Hunton Andrews Kurth’s insurance coverage team recently published a client alert discussing a D&O coverage dispute arising from a credit union’s post-acquisition fraud claims.
Everest National Insurance Company has filed a lawsuit denying any obligation to cover a post-acquisition lawsuit by a credit union alleging fraud against two banks and their executives. The seller paid additional premium for an extended reporting period to report claims based on pre-acquisition wrongful conduct, but the insurer denied coverage on the ground that any claims asserted by the buyer are excluded under the D&O policy’s “insured vs. insured” exclusion. The decision underscores the importance of not only ensuring continuity of D&O coverage before and after a transaction but also evaluating all possible claim scenarios arising out of a deal to ensure that all stakeholders are adequately protected.
In 2019, Verve, a credit union, entered into a purchase agreement with South Central Bank (SCB), a nationally-chartered bank, and its parent company, First Business Bancorp. Under the agreement, Verge agreed to purchase substantially all assets of SCB. Following the sale, however, Verve claimed that it discovered significant accounting irregularities that it believed were concealed or otherwise misrepresented by SCB and First Business Bancorp.
Verve filed a lawsuit against SCB and First Business Bancorp, as well as three current and former officers and directors of SCB. The Verve lawsuit sought to recover more than $1 million in damages due to alleged fraudulent accounting practices, fraudulent misrepresentations, and fraudulent concealment of facts that induced Verve to enter into the purchase agreement under false pretenses.
The defendants gave notice of the Verve lawsuit under a directors and officers liability policy issued by Everest to First Business Bancorp. Verve’s acquisition of substantially all of SCB’s assets automatically terminated future coverage under the policy, but First Business Bancorp and SCB purchased an “Extended Reporting Period Activation” endorsement, which provided an additional five-year reporting period for post-acquisition claims alleging wrongful acts occurring prior to the effective date of the endorsement.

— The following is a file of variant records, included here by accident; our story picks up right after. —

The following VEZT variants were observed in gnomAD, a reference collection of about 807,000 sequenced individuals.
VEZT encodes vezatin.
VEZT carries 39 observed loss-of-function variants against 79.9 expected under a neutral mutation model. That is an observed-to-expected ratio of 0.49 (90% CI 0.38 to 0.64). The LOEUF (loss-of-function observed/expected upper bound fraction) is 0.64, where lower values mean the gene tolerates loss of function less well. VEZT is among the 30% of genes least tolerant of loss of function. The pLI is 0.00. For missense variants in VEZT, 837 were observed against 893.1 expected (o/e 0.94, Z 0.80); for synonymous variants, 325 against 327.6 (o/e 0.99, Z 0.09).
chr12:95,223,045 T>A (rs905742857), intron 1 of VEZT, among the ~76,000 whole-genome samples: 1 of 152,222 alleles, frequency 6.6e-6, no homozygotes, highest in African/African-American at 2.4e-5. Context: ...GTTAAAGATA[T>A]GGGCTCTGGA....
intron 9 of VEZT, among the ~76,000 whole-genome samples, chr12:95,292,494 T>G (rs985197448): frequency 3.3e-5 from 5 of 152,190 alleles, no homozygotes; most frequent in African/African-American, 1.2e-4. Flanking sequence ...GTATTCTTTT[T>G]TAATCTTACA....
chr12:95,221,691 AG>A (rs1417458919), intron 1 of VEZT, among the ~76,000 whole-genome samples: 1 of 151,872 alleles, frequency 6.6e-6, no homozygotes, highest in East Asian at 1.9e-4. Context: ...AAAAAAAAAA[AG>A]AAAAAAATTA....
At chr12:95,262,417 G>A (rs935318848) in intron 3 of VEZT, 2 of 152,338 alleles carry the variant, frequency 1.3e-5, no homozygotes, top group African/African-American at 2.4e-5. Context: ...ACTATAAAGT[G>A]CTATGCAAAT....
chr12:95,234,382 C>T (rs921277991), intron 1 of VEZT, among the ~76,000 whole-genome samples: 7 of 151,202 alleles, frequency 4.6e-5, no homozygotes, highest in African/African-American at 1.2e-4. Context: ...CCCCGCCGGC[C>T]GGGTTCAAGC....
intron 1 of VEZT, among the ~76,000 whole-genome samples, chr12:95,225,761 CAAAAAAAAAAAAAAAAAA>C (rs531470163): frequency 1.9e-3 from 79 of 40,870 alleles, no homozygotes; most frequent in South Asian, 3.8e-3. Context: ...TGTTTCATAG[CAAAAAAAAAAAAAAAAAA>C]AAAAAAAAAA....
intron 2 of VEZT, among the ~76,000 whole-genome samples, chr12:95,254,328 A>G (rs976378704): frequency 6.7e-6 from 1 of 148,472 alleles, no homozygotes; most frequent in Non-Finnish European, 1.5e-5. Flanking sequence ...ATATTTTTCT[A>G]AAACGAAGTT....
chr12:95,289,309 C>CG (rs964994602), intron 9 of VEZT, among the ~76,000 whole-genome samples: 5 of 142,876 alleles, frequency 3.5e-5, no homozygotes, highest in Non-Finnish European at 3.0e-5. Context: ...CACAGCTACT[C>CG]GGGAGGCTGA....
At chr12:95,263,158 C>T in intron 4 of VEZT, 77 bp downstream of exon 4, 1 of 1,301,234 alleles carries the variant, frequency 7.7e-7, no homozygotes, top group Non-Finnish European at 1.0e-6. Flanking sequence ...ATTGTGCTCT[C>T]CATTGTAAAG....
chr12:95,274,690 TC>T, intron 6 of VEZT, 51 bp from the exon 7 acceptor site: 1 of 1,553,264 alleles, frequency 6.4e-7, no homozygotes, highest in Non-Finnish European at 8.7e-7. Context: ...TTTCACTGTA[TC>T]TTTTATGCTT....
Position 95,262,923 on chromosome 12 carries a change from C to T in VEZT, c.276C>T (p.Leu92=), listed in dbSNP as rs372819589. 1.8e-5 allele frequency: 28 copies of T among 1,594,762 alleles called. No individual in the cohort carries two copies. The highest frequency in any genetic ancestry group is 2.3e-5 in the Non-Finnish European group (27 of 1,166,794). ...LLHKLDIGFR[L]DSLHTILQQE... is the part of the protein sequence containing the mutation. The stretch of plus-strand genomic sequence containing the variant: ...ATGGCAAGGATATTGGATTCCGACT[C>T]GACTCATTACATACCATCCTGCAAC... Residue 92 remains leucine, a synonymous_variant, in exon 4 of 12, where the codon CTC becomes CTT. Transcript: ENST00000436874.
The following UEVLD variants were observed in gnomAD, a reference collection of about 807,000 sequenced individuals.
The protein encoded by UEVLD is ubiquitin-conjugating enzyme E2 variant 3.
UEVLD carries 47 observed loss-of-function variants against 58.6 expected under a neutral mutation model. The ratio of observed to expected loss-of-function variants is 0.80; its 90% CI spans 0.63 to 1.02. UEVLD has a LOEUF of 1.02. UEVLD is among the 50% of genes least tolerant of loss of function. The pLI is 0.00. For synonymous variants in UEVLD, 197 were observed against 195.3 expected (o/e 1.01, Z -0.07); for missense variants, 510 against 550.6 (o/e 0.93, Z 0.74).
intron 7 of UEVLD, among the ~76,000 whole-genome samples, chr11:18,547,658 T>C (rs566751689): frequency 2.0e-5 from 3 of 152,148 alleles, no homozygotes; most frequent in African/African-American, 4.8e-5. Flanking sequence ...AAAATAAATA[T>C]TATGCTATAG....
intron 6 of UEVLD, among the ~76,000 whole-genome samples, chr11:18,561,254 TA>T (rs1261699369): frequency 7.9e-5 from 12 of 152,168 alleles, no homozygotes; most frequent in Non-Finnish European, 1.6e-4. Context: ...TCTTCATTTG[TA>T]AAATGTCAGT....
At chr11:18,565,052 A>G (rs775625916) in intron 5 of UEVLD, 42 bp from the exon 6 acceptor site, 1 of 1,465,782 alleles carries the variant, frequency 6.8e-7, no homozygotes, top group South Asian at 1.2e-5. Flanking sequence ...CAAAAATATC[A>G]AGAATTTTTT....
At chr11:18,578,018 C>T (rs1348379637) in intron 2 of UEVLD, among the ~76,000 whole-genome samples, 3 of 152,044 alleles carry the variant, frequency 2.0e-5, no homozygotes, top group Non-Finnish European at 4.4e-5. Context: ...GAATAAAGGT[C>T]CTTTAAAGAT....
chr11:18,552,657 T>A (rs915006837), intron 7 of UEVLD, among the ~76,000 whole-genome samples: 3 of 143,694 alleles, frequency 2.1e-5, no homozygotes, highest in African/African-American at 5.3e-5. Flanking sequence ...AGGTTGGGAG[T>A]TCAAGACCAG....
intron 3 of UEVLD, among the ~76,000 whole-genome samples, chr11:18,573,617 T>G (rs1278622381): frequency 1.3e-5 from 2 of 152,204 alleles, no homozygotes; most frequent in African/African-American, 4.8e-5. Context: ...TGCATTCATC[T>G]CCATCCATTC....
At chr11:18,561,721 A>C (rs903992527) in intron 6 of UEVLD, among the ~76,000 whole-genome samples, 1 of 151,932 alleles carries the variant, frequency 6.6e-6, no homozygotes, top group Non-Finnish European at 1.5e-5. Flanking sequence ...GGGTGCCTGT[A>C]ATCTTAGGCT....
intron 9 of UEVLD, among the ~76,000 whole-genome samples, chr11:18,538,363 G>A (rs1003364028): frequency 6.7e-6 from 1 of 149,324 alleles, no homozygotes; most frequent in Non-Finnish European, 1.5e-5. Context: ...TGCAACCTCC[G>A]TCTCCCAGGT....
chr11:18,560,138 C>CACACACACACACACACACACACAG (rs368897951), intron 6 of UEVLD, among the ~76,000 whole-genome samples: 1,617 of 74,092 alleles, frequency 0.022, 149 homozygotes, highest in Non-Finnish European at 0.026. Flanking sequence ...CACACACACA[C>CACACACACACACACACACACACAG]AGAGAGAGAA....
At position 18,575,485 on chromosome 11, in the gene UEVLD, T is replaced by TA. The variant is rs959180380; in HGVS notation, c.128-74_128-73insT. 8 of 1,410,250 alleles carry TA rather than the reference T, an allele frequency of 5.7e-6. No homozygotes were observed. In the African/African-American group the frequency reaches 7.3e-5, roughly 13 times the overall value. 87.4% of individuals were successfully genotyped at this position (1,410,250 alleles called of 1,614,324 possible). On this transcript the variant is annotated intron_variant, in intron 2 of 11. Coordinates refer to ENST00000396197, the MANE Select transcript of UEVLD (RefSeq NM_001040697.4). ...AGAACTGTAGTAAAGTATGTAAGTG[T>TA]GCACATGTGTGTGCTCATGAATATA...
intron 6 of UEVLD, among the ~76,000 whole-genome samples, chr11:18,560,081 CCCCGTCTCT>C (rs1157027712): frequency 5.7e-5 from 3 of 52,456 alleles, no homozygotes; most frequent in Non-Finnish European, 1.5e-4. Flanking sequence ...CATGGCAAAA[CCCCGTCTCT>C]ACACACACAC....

First Business Bancorp and SCB sought coverage under the extended reporting endorsement they purchased to protect the insureds for post-acquisition claims, which was the subject of Everest’s declaratory judgment lawsuit.
Everest’s Coverage Action
Upon concluding there was no coverage under the policy, Everest filed a declaratory judgment lawsuit seeking a declaration that it had no obligation to provide coverage for the Verve lawsuit. Everest disputed any duty to defend under the policy and argued that there was no coverage under the policy’s “insured vs. insured” exclusion, which barred coverage for claims by any “Company” or “Insured Person” in any capacity against another insured, like SCB or First Business Bancorp.